Throughout the second quarter of 2011 Apple declared that their App Store had extended to the astounding level - 15 billion songs that had been downloaded from iTunes and more than 425,000 apps currently available in the iTunes market for purchase or download. However it is quite easy to track the app performance via the user ratings and comments, so there are tons of programs that don’t make the final cut and are pulled after an initial approval, or might even be entirely banned by the mobile technology giant. We present you 10 notorious examples of the apps that have been either blocked after release, or disqualified even before they reached fruition.
Exodus International – Stating to cure homosexuality and encouraging the “ex-gay” movement, the app came under fire from human rights groups that ultimately succeeded in having the App banned. However the removal didn’t come easily- only after 150,000 people had signed an online petition had Apple finally reacted to public frustration and removed the Exodus International from the iTunes store.
Phone Story – nowadays no one is ever surprised about the less-than-ideal working conditions of those who manufacture Apple products. The aim of the Phone Story App was to illustrate the child labor, environmental harm and unsafe factories that Apple utilizes. Again unsurprisingly, the app was banned within hours.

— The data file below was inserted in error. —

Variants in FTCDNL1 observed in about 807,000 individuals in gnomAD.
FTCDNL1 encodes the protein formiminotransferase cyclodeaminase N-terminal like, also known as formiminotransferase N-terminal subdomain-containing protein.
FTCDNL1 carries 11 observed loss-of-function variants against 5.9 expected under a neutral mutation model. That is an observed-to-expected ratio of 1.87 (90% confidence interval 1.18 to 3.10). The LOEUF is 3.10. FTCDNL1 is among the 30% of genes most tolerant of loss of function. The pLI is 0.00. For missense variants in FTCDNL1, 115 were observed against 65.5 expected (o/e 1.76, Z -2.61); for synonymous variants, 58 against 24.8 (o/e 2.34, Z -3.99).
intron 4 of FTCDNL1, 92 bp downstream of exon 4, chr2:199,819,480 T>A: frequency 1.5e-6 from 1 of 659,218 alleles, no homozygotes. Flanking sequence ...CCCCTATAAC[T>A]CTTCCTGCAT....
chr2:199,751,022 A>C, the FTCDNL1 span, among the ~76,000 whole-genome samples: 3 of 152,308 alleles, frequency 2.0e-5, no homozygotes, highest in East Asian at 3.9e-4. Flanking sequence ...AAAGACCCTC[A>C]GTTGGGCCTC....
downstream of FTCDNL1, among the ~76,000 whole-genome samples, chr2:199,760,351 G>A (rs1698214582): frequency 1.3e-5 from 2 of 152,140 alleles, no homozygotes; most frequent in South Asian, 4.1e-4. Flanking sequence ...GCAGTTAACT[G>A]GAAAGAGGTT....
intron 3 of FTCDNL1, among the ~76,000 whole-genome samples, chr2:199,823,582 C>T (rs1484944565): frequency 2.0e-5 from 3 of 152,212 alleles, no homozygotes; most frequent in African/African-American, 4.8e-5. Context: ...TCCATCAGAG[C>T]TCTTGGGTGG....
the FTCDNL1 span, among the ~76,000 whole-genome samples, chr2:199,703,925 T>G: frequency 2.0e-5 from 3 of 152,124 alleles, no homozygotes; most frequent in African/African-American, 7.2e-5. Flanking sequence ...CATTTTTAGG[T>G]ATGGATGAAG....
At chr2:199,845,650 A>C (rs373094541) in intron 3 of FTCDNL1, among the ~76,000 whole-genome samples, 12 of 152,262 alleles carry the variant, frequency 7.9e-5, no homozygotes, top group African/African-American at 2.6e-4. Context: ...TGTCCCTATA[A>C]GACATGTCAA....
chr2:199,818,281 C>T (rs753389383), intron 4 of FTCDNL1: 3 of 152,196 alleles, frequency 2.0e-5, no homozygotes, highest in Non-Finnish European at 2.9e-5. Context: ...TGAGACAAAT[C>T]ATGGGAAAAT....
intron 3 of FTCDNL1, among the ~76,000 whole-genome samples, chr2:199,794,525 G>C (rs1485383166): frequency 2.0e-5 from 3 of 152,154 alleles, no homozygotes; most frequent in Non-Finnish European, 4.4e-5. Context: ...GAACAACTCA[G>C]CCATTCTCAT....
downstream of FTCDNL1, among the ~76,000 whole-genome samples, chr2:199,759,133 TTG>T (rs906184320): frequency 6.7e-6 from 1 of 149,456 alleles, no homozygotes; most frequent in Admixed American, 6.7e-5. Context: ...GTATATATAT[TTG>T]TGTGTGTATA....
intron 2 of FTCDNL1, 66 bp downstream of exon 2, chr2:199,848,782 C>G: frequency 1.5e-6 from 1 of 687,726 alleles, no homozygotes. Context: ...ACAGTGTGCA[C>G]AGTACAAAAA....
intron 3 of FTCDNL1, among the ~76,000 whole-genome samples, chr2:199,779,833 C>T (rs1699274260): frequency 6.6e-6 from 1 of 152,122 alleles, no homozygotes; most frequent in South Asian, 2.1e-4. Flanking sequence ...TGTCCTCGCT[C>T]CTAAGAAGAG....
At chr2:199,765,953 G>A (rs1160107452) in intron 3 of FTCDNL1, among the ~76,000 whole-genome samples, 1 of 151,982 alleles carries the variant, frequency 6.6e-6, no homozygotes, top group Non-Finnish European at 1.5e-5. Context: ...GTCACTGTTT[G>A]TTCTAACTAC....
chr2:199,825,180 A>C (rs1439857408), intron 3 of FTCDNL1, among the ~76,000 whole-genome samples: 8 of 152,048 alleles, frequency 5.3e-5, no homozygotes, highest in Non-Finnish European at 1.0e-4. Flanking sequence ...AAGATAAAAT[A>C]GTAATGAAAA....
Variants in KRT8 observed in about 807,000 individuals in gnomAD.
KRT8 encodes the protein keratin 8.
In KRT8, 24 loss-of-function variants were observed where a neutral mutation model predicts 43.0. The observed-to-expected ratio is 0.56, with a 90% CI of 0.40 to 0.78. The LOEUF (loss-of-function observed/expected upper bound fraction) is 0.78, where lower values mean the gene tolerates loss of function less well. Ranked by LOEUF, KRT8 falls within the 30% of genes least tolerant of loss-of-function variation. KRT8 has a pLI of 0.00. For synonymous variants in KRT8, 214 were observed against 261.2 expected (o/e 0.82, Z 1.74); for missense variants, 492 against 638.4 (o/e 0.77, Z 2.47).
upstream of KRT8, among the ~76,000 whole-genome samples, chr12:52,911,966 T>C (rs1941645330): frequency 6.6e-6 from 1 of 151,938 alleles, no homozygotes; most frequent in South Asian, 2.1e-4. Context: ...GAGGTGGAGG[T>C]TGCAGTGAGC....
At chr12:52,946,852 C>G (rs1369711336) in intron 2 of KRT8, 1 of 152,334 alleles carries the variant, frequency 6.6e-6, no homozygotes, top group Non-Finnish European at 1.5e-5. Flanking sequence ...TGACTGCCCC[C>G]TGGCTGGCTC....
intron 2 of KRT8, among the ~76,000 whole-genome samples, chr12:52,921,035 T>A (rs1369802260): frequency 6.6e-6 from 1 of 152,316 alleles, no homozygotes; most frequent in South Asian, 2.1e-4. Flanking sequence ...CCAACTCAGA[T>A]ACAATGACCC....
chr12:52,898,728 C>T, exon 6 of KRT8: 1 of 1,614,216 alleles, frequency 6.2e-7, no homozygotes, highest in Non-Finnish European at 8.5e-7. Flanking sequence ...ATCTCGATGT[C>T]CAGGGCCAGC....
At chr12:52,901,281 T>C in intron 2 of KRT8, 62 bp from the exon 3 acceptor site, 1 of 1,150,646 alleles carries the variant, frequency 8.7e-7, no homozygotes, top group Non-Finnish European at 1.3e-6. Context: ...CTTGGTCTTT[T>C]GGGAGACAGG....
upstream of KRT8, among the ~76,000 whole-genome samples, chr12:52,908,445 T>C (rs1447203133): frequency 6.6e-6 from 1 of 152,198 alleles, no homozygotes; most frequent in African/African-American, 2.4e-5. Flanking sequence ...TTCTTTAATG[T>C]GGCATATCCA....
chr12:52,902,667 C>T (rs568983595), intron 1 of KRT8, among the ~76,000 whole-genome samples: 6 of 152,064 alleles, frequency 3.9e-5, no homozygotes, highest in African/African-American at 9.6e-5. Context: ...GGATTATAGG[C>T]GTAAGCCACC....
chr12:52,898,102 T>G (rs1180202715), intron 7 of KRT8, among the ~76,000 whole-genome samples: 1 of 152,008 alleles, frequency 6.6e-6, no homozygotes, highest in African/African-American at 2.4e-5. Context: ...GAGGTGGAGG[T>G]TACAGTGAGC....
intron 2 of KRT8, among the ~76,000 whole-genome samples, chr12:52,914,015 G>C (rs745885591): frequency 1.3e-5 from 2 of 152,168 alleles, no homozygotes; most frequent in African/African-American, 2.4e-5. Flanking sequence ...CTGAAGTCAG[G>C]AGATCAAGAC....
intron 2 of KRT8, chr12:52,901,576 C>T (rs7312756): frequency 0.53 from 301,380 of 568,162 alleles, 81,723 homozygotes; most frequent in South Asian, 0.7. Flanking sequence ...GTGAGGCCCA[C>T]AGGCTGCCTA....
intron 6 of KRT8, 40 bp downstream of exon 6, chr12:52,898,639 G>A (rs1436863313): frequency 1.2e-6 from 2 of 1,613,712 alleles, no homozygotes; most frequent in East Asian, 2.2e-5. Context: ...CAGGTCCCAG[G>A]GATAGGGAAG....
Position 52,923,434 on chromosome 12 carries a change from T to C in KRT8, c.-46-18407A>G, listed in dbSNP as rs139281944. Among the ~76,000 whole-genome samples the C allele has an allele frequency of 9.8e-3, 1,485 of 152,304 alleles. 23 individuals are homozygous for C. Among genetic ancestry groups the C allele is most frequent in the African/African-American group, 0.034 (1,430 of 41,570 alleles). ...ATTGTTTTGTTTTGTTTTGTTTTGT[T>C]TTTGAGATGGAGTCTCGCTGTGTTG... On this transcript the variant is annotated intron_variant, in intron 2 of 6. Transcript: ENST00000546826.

Jew or Not Jew? – as the name hints, this app was deeply racist, but at the very first glance it had a basic function - it allowed users to access a database full of public figures and celebrities to determine whether or not they were of Jewish descent. Expectedly, anti-racism group in France took action and threatened Apple with litigation, so Jew or Not Jew? was quickly removed from the app store.
Baby Shaker – even the most inexperienced teenage babysitter knows that shaking a baby is terribly dangerous. However, this concept was taken to an entirely new level with Baby Shaker App – the aim of the game was to shake a drawing of an infant accompanied by the sounds of a wailing child as violently as possible. If the crying of a fictional infant would have ceased at this point, what the cries from child protection groups did was to insist removing the app from iTunes.
There are many other examples of such stories, which can be found here. So if you are an app developer with some “great” ideas in mind, think twice before you decide on what to include in the app and what to dismiss.